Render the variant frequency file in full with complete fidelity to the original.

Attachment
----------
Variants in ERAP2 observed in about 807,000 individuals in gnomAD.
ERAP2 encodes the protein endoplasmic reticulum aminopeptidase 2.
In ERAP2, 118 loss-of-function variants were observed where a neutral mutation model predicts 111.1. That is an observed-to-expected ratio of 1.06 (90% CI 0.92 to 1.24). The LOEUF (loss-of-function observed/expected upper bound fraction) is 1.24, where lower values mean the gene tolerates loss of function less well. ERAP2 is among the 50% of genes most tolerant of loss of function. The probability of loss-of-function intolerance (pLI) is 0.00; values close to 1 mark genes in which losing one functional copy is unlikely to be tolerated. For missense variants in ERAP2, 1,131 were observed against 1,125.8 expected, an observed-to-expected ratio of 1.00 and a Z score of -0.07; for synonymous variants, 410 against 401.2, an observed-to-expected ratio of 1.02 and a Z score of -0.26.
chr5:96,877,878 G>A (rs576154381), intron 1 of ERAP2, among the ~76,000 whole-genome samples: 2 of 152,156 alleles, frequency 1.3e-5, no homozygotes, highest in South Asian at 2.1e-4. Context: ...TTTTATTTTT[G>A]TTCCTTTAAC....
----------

Variants in ERAP2 observed in about 807,000 individuals in gnomAD.
ERAP2 encodes the protein endoplasmic reticulum aminopeptidase 2.
In ERAP2, 118 loss-of-function variants were observed where a neutral mutation model predicts 111.1. That is an observed-to-expected ratio of 1.06 (90% CI 0.92 to 1.24). The LOEUF (loss-of-function observed/expected upper bound fraction) is 1.24, where lower values mean the gene tolerates loss of function less well. ERAP2 is among the 50% of genes most tolerant of loss of function. The probability of loss-of-function intolerance (pLI) is 0.00; values close to 1 mark genes in which losing one functional copy is unlikely to be tolerated. For missense variants in ERAP2, 1,131 were observed against 1,125.8 expected, an observed-to-expected ratio of 1.00 and a Z score of -0.07; for synonymous variants, 410 against 401.2, an observed-to-expected ratio of 1.02 and a Z score of -0.26.
chr5:96,877,878 G>A (rs576154381), intron 1 of ERAP2, among the ~76,000 whole-genome samples: 2 of 152,156 alleles, frequency 1.3e-5, no homozygotes, highest in South Asian at 2.1e-4. Context: ...TTTTATTTTT[G>A]TTCCTTTAAC....